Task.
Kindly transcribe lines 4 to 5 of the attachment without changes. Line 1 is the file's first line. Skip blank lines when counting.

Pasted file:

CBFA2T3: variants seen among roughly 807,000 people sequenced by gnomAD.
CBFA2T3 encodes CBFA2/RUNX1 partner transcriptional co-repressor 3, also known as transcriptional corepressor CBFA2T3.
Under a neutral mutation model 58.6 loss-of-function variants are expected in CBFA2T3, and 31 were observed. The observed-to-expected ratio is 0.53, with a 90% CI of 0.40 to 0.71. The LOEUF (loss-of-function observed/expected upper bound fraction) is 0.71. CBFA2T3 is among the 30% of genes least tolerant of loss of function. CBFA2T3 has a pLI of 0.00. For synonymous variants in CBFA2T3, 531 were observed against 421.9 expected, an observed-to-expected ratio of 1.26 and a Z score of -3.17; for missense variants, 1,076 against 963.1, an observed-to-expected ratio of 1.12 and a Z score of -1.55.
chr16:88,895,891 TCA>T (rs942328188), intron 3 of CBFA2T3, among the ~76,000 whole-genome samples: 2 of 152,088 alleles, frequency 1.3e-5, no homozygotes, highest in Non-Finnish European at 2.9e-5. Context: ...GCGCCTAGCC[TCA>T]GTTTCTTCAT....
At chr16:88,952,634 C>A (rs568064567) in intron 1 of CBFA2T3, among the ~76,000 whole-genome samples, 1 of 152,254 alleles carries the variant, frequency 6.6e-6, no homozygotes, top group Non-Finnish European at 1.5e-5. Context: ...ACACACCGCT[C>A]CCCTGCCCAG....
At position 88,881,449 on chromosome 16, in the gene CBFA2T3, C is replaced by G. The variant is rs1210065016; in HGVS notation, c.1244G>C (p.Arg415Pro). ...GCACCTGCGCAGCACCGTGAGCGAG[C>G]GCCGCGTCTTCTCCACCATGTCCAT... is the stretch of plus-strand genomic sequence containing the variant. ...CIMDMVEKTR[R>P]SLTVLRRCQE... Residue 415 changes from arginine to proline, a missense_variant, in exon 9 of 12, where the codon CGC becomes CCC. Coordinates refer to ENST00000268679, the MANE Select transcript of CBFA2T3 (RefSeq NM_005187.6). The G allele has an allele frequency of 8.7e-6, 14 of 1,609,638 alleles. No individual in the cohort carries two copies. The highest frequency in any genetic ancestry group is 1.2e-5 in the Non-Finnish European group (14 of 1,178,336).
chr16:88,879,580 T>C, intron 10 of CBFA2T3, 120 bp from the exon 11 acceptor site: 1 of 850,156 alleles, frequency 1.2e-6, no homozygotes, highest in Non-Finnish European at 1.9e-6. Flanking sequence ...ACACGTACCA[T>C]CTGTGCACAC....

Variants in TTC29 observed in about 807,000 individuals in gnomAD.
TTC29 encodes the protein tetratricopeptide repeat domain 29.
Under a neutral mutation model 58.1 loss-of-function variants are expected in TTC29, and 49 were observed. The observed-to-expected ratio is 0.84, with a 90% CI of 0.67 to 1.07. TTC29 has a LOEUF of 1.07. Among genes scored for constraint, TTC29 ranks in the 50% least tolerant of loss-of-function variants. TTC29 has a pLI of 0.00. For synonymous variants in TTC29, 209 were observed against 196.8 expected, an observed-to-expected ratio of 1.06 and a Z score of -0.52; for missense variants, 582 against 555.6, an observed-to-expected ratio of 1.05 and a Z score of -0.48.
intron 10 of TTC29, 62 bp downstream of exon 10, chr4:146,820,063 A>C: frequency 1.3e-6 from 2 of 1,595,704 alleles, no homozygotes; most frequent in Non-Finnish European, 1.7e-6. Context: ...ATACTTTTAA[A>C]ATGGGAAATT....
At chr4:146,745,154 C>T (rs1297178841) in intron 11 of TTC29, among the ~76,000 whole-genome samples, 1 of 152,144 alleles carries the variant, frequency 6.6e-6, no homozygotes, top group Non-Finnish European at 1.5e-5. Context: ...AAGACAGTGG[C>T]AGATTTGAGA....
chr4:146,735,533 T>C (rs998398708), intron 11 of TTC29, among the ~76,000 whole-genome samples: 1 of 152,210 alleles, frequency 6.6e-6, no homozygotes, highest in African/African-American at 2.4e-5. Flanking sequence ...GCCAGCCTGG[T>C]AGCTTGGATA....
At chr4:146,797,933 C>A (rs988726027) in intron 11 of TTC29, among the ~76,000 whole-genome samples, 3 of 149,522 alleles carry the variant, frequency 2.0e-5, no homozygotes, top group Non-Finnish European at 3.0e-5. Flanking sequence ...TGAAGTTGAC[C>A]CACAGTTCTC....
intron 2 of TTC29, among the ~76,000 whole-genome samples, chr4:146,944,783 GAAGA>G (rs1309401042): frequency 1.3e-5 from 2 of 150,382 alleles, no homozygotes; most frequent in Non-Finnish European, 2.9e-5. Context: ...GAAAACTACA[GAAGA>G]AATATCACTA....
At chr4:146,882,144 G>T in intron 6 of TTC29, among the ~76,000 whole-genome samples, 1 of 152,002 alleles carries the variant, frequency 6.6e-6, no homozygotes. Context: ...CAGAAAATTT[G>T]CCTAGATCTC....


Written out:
chr16:88,895,891 TCA>T (rs942328188), intron 3 of CBFA2T3, among the ~76,000 whole-genome samples: 2 of 152,088 alleles, frequency 1.3e-5, no homozygotes, highest in Non-Finnish European at 2.9e-5. Context: ...GCGCCTAGCC[TCA>T]GTTTCTTCAT....
At chr16:88,952,634 C>A (rs568064567) in intron 1 of CBFA2T3, among the ~76,000 whole-genome samples, 1 of 152,254 alleles carries the variant, frequency 6.6e-6, no homozygotes, top group Non-Finnish European at 1.5e-5. Context: ...ACACACCGCT[C>A]CCCTGCCCAG....